Wednesday, 3.22.06

Morning BuzzTurn the page for items on Dean Singleton's California strategy, Sheriff Baca's Compton strategy, a Saudi prince gets booed at Town Hall Los Angeles, celebrities at the fashion shows and some book buzz. Plus your blogger has an afternoon date with Wonkette.

♦ Reading Singleton: Daily News owner Dean Singleton's companies sell more newspapers a day in California than anyone. His interest in the Norcal Knight-Ridder papers is examined in the L.A. Times, along with his local legacy:
When Denver press baron William Dean Singleton bought the Long Beach Press-Telegram just before Christmas in 1997, he gave everyone in the newsroom 15 minutes to re-interview for their jobs. Feature writer Debbie Arrington, who had followed her father and grandmother onto the newspaper's payroll, ... survived the culling only to see the paper's pay, benefits and morale fall sharply. She left after a year. But even as the newsroom ranks thinned and circulation stalled at about 100,000, the Press-Telegram's profitability soared, according to Executive Editor Rich Archbold, producing a handsome return for Singleton's MediaNews Group Inc., now the nation's seventh-largest newspaper chain, with daily circulation of 1.8 million.
♦ Hey, more cops works: After Sheriff Lee Baca doubled the number of deputies assigned to Compton, homicides fell from 22 this time last year to just three.
♦ Cops who quit: Los Angeles is suing 53 former LAPD academy graduates who left the force before their five-year contracts were up, some to take jobs in other police departments. Seems there was a scam in which new officers leveraged their academy training (at L.A. taxpayers' expense) to get better jobs.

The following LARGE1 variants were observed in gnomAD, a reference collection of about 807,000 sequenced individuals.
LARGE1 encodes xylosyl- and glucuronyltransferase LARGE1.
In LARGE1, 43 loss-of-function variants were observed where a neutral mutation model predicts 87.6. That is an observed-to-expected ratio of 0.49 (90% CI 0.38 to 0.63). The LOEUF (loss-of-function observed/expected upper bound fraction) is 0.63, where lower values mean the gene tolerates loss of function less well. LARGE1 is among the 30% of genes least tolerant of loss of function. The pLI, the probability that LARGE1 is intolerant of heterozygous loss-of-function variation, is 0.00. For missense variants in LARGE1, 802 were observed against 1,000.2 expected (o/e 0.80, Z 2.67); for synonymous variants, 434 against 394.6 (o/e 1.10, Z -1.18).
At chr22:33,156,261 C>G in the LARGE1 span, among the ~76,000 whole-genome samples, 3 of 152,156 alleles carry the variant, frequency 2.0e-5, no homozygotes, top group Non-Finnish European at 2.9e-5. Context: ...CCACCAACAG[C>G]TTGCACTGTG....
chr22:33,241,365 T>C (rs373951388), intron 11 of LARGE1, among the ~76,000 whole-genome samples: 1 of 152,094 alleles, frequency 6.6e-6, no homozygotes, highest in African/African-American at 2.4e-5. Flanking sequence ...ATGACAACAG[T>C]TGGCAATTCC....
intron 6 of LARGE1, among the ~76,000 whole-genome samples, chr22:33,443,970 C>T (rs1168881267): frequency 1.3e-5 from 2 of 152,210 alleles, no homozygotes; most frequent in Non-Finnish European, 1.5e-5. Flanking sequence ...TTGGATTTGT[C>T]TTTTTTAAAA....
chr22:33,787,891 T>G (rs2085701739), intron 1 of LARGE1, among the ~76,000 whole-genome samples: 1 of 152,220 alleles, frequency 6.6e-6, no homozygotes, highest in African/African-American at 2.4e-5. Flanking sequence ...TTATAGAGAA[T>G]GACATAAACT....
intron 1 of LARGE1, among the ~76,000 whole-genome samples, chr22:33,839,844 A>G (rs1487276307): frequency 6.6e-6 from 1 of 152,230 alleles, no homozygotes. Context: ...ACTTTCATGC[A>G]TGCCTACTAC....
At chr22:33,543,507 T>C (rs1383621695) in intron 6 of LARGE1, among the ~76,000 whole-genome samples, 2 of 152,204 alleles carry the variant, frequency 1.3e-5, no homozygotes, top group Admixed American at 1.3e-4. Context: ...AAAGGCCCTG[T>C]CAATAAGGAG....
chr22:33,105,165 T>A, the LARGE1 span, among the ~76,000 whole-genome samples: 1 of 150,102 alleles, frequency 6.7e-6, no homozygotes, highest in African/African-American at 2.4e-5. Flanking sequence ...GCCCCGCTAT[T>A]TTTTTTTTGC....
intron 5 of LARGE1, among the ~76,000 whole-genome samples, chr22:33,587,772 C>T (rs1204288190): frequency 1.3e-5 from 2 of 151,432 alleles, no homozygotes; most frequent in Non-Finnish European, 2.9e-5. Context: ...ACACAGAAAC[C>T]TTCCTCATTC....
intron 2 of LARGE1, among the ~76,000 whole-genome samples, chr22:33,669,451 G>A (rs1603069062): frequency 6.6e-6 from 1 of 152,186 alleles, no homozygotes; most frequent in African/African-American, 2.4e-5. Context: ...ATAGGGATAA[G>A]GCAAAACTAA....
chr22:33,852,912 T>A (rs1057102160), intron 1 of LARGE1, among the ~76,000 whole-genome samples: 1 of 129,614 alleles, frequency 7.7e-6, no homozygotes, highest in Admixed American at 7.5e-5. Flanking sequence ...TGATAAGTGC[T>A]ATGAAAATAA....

♦ See the video: KCAL-9's Dave Bryan aired an interview with Saudi Ambassador to the U.S. Prince Turki Al-Faisal taped immediately after he was booed for telling a Town Hall Los Angeles audience that Israel illegally occupies Israel. KCAL also got home video of the plane crash that killed former game show host Peter Tamarken, and the audio tapes of the pilot's last exchanges with the Santa Monica tower. Video of both on the CBS-2/KCAL-9 website. ABC7 has the crash video online too.
♦ Pressing his point: Cardinal Roger Mahony goes to the New York Times op-ed page to defend his stance against the proposed Border Protection, Antiterrorism and Illegal Immigration Control bill.